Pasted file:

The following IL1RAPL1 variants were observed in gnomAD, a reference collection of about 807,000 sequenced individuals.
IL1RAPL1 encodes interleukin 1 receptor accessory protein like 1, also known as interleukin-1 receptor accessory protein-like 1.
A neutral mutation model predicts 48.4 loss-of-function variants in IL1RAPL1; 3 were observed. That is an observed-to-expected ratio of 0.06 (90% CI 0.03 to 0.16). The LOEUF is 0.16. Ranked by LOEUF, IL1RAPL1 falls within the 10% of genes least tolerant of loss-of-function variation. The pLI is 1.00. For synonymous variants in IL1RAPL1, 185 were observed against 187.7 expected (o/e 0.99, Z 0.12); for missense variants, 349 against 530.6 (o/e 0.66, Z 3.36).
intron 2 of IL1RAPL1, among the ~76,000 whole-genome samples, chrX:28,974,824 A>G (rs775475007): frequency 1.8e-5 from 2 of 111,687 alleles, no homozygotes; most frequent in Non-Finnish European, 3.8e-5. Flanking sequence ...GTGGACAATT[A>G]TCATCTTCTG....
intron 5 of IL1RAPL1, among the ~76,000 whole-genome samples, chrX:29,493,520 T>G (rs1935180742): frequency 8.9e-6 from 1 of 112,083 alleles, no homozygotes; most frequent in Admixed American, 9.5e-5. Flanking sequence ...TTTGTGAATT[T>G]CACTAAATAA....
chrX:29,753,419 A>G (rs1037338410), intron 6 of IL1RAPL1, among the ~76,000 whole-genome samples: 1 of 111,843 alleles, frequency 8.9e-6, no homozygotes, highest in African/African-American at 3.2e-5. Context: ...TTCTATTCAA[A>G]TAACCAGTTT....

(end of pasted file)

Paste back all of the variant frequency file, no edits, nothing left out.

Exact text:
The following IL1RAPL1 variants were observed in gnomAD, a reference collection of about 807,000 sequenced individuals.
IL1RAPL1 encodes interleukin 1 receptor accessory protein like 1, also known as interleukin-1 receptor accessory protein-like 1.
A neutral mutation model predicts 48.4 loss-of-function variants in IL1RAPL1; 3 were observed. That is an observed-to-expected ratio of 0.06 (90% CI 0.03 to 0.16). The LOEUF is 0.16. Ranked by LOEUF, IL1RAPL1 falls within the 10% of genes least tolerant of loss-of-function variation. The pLI is 1.00. For synonymous variants in IL1RAPL1, 185 were observed against 187.7 expected (o/e 0.99, Z 0.12); for missense variants, 349 against 530.6 (o/e 0.66, Z 3.36).
intron 2 of IL1RAPL1, among the ~76,000 whole-genome samples, chrX:28,974,824 A>G (rs775475007): frequency 1.8e-5 from 2 of 111,687 alleles, no homozygotes; most frequent in Non-Finnish European, 3.8e-5. Flanking sequence ...GTGGACAATT[A>G]TCATCTTCTG....
intron 5 of IL1RAPL1, among the ~76,000 whole-genome samples, chrX:29,493,520 T>G (rs1935180742): frequency 8.9e-6 from 1 of 112,083 alleles, no homozygotes; most frequent in Admixed American, 9.5e-5. Flanking sequence ...TTTGTGAATT[T>G]CACTAAATAA....
chrX:29,753,419 A>G (rs1037338410), intron 6 of IL1RAPL1, among the ~76,000 whole-genome samples: 1 of 111,843 alleles, frequency 8.9e-6, no homozygotes, highest in African/African-American at 3.2e-5. Context: ...TTCTATTCAA[A>G]TAACCAGTTT....